Sinbad is not dead either.

March 16, 2007 at 10:11 pm (celebrities, theory, web 2.0)

The web allows for some remarkable meta-experiences—today, several people experienced a happy bout of ‘hey-remember-that-guy-now-he’s-dead!’ forwarding when they discovered that comedian Sinbad had died of a heart attack. Unfortunately, Sinbad was not dead—he, or rather, his biography, was the victim of a prank on wikipedia.

The wording used to describe this act (by wikipedia spokesperson Sandra Ordonez) was “vandalized”—which got me thinking—can you really vandalize that which is truly not there? In proper Web 2.0 fashion, wikipedia is one part of a constantly shifting database, growing, changing, inhabited by a variety of people; the web is a society, complete with criminals. And like it or not, we entered into a social contract with the web, giving it assumed power.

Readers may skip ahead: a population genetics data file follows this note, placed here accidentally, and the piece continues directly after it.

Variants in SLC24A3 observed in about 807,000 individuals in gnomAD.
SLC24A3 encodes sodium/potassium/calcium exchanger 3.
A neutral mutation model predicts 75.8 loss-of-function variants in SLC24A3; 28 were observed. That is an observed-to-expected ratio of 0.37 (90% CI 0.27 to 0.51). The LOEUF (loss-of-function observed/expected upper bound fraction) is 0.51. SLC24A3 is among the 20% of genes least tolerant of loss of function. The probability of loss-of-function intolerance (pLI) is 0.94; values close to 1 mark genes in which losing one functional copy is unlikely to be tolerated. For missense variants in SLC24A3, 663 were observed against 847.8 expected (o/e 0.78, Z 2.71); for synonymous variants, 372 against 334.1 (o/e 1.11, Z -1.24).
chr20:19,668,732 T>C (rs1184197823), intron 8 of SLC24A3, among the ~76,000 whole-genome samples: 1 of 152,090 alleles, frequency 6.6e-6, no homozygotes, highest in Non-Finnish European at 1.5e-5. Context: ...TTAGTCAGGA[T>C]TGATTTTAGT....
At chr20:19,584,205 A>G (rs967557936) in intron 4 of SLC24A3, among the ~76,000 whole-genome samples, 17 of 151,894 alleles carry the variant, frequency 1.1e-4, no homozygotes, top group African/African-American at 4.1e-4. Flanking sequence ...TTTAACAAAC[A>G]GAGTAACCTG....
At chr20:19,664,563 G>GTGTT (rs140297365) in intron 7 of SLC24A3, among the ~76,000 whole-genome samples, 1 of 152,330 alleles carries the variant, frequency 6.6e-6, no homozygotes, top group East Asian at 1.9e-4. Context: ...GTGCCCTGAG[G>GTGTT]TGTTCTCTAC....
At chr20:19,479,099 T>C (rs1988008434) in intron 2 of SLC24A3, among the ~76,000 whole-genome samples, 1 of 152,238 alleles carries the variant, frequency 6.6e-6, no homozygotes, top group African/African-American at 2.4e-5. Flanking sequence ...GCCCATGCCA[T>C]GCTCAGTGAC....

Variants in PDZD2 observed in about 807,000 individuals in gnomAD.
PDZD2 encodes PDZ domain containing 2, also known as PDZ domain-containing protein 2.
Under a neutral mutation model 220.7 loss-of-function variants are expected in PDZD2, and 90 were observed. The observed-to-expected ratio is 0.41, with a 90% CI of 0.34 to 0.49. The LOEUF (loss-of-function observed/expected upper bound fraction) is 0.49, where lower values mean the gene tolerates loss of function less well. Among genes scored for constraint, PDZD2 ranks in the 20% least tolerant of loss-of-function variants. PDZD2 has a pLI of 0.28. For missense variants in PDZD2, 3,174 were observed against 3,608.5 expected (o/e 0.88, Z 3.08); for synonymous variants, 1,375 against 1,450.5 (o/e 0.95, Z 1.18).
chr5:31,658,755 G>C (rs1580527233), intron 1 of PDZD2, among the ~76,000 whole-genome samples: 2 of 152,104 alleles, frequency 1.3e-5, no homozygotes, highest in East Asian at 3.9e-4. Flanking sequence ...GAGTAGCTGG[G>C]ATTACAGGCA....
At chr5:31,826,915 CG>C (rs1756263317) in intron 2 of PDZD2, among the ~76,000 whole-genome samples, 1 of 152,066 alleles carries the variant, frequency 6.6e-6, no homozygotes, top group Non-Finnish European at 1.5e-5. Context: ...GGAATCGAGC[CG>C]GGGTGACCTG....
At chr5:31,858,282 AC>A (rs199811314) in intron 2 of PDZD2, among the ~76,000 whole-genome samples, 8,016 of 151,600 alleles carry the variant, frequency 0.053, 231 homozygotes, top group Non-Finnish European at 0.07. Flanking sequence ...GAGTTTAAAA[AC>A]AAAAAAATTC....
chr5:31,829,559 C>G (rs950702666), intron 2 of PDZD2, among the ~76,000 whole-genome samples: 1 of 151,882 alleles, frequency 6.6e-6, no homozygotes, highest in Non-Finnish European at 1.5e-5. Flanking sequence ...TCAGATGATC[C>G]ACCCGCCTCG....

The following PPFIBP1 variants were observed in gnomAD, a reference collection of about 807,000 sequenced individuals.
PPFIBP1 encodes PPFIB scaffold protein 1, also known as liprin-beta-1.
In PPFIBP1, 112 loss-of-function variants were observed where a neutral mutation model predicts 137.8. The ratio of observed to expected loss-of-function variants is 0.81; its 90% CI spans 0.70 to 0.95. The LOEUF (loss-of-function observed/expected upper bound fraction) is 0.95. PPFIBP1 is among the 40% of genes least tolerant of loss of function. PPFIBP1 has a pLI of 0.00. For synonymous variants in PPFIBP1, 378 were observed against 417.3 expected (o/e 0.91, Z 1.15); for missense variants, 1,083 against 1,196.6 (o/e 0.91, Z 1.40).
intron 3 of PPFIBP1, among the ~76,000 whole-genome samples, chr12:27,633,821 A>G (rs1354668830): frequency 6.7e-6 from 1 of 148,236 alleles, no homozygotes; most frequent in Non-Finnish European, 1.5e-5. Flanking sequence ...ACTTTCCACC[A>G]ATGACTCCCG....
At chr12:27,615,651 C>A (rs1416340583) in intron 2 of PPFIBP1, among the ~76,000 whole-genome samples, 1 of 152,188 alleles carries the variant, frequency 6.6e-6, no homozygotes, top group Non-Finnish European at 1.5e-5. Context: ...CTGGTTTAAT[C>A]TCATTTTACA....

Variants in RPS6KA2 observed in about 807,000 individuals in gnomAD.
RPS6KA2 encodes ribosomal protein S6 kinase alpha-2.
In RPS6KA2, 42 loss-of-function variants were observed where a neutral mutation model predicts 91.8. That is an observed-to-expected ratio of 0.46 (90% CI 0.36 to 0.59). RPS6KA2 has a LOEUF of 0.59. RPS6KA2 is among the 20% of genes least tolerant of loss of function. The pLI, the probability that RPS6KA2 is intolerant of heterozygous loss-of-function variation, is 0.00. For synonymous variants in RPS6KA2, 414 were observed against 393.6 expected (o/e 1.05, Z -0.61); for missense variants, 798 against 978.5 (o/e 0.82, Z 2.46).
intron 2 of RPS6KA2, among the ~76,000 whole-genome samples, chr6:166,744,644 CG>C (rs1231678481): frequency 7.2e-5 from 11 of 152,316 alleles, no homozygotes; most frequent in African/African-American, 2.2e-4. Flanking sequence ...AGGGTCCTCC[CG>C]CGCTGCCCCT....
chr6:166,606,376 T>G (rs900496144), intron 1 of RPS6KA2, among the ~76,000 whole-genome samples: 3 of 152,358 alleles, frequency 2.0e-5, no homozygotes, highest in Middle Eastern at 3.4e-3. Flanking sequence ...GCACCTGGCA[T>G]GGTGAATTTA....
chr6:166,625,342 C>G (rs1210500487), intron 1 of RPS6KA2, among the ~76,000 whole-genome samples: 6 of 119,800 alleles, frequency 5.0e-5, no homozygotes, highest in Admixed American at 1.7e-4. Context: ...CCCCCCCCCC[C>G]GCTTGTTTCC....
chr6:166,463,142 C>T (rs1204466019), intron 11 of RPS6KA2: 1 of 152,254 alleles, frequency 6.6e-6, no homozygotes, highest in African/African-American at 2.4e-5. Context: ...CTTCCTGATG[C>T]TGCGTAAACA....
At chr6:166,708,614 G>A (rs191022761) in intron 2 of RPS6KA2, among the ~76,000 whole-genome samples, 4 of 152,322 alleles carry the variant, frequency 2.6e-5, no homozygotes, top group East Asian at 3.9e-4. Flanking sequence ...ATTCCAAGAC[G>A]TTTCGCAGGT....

But is our Rousseau-like democratization of media helping or harming us? In this case, it spurred the spread of misinformation—after all, are we more likely to trust a news article from or from wikipedia? As I’ve said before, this democratization can be helpful—you can communicate with people you would have never had the opportunity meet before, enabling an impossible-to-measure exchange of ideas. But this exchange requires trust, and faith that those who are doing as you do (contributing) will follow the Golden Rule.

Just a reflection on how those very old systems of power still remain—but somehow I don’t think that overthrowing the web is an option. Like most systems, it requires a certain amount of blind faith and skepticism.


1 Comment

  1. Paul McNamara said,

    Sinbad: Wikipedia’s worst bad yet … Some chucklehead vandalizes Wikipedia and a C-list celeb becomes “famous.” There ought to be a law.

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